The Duke - October 7, 2015

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I have to admit that, as I grow older, food is never far from my mind – or, indeed, my mouth.

With the approach of winter, things are only going to get worse. Out go salads (if they were actually ever in) and in come stews. Out goes yoghurt and in comes soup. And so on and so fork – so to speak.

When I left full-time employment on the Gazette almost three years ago, one of the things I promised myself was that I would spend more time cooking.

No more soft option impulsive takeaways, fewer meals out (because the title “former food page writer and restaurant critic” didn’t attract as many – ie none at all – free meals) and definitely no more late snacks after filing theatre reviews at midnight.

But alas, like New Year resolutions, it was a promise easier made than kept.

I’m relieved to discover I’m not alone, and it might even be a sign that I’m reverting to being young at heart.

The BBC’s Good Food magazine recently declared that young people (defined as 16 to 24-year-olds) shell out more money than any other age group on food – an average of £63.65 week, compared with a typical spend for all adults of £57.30.

I’m not going to quibble with the figures – though I’d doubt that in this part of the world too many teenagers have a spare £60+ sloshing around (unless pocket money has shot up).

Good Food presumably knows better than I do, and reckons it’s more down to them not being able to cook rather than not wanting to.

That same 16 to 24-year-olds know how to cook only four recipes from scratch – while know-it-all adults can muster up six. It’s a depressing figure – especially when it presumably includes boiling pasta and adding tinned sauce and grated cheese (well that’s one my six at least).

So they eat out in cafes or restaurants, or have takeaways and will doubtless be plagued by obesity and diabetes in their later years.

So what’s gone wrong? Well, the number of pupils taking a GCSE in home economics has dropped by 20 per cent since 2004. And if their mums (and, of course, dads) aren’t cooking meals, where are the apron string wearers my generation picked up its tips from?

I have to admit I hated school dinners, so I walked or cycled home at lunchtime and had something there. It wasn’t an option open to all, but it helped keep me fit, away from bullying – and fed.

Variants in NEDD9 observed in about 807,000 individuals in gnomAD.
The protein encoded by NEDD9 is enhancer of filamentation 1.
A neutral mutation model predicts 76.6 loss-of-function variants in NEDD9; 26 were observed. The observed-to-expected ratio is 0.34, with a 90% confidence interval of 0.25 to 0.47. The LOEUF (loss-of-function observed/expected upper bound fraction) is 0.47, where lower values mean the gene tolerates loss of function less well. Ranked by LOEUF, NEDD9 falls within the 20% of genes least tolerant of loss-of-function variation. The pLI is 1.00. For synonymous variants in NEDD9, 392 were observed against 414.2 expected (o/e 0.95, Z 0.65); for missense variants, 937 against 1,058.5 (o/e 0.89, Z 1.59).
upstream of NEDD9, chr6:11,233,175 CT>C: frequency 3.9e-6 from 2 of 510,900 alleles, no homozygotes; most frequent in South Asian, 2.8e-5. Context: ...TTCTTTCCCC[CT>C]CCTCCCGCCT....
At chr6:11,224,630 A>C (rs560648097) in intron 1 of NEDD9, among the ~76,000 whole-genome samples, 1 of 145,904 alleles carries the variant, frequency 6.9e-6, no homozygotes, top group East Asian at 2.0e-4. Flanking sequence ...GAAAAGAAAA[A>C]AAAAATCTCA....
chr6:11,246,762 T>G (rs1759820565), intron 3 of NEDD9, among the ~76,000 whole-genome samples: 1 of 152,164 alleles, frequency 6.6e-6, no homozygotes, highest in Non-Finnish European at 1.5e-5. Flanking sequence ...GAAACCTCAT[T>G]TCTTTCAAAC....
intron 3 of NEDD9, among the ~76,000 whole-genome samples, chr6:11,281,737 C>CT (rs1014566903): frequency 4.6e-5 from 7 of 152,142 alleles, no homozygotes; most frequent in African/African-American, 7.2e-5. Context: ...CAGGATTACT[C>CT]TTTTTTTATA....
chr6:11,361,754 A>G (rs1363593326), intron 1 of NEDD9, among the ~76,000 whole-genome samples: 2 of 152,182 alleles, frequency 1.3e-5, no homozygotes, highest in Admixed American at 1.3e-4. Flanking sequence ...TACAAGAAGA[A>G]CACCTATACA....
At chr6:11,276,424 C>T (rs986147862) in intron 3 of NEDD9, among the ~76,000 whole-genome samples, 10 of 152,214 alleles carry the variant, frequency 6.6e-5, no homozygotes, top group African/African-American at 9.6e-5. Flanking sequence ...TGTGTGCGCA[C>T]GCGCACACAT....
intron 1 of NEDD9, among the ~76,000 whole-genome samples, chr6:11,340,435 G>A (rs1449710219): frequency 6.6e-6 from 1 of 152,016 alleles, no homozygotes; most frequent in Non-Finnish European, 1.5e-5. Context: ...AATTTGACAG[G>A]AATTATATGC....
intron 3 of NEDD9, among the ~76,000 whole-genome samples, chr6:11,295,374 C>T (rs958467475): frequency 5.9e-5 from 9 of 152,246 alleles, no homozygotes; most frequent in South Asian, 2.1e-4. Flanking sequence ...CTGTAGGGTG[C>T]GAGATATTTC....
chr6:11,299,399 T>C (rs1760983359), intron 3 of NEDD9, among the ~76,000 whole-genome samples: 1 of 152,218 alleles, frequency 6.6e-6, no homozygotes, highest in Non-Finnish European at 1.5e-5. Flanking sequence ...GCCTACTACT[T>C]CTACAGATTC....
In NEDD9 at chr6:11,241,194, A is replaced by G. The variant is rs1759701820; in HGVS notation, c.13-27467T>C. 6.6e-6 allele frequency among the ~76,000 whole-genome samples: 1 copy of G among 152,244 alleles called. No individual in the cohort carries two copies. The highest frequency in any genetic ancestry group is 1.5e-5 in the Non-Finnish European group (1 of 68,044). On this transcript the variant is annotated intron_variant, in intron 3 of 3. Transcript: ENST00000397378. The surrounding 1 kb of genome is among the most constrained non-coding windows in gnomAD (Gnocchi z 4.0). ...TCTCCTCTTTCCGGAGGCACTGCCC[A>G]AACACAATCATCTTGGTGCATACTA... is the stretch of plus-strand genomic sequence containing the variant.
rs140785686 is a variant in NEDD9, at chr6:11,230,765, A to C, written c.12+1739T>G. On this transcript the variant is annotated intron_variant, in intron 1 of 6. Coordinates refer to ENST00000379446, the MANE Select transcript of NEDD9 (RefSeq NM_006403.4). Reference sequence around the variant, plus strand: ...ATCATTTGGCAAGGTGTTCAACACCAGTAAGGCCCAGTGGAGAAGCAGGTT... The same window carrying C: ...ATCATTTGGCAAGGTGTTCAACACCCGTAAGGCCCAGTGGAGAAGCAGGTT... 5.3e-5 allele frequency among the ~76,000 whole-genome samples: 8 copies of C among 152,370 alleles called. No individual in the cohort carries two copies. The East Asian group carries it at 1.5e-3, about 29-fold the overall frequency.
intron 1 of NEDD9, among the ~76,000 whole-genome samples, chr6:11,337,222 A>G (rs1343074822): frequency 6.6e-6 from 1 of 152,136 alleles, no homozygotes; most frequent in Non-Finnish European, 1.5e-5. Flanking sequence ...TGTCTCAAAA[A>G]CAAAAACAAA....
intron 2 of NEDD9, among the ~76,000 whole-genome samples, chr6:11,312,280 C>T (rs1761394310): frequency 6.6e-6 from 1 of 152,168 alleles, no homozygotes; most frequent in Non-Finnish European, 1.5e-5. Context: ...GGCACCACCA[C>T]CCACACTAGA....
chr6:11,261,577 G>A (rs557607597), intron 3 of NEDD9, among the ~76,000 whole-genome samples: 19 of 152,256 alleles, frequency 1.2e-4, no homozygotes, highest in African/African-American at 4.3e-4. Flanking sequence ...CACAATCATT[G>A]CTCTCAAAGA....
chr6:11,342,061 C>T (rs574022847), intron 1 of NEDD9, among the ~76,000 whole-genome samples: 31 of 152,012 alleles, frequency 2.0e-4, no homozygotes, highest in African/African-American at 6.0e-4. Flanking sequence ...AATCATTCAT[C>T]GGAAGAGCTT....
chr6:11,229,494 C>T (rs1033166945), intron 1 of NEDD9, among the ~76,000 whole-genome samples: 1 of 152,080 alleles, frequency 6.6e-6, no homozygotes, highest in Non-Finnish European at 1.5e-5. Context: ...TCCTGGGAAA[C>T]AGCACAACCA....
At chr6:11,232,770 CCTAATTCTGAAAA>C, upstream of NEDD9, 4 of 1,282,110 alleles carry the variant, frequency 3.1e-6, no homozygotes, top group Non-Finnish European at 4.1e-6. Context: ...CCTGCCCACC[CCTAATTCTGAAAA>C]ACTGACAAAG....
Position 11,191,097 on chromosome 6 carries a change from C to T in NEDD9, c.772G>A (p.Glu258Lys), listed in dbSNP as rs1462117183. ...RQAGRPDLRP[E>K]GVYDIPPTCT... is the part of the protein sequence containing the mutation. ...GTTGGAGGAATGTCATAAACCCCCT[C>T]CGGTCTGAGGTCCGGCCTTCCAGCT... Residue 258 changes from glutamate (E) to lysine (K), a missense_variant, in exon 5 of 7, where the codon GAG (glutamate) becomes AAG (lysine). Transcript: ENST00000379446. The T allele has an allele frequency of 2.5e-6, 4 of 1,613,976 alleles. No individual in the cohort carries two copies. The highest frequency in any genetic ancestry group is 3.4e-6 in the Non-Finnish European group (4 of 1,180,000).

By the time I left home I was adept in the kitchen. Nothing too fancy – I can still boil a mean potato – but nothing too fattening either.

I’ve been making up for it in recent years though. Part of the “problem” is the availability – and diversity – of takeaways and restaurants. When we moved to Poulton more than 40 years ago, the choice of takeaways was pretty much fish and chips or a Chinese. And home delivery was unheard of.

Pub food meant crisps or curled edge sandwiches chewier than a beer mat, and the few affordable restaurants usually chose to close just as hunger set in or the head waiter noticed your lack of a tie.

Now there’s all kinds of everything – all along the coast. And, at the risk of sounding hypocritical, it’s wonderful.

I don’t intend spending what’s left of my eating life slaving over a hot oven, and despite strenuous efforts I can’t talk The Manager into doing so either.

Wonder what we’ll have tonight? My money’s on an Indian. Delivered of course.

Are you read for a literary Super Thursday?

Still on the subject of food, did you know that, despite the nation’s inability to stand the heat of the kitchen, six out of the top 10 Tesco bestsellers are cookery books?

I only mention this because in the publishing world tomorrow is “Super Thursday” – the official start to Christmas (bah humbug) for booksellers.

Amazingly, it will see the publication of a staggering 503 new titles – more than twice as many as in an average week (and that’s still quite a lot).

That’s the good news. Well it is if you like, read, write, buy or sell books.

The less good news is that for every decent read (such as Bill Bryson’s eagerly anticipated The Road To Little Dribbling: More Notes From A Small Island) there’s a shelf load of celebrity memoirs and cookery titles (one step forward please Robbie Savage and Nigella Lawson) determined to make their way onto the nation’s Christmas shopping lists this year, and subsequently into the charity shops at some stage of 2016.

It’s good, though, that real books (you know, the hardback/paperback sort, not the squint at a screen variety) are making a comeback.

But why Thursday? To coincide with weekend newspaper reviews and supermarkets changing their displays, it seems.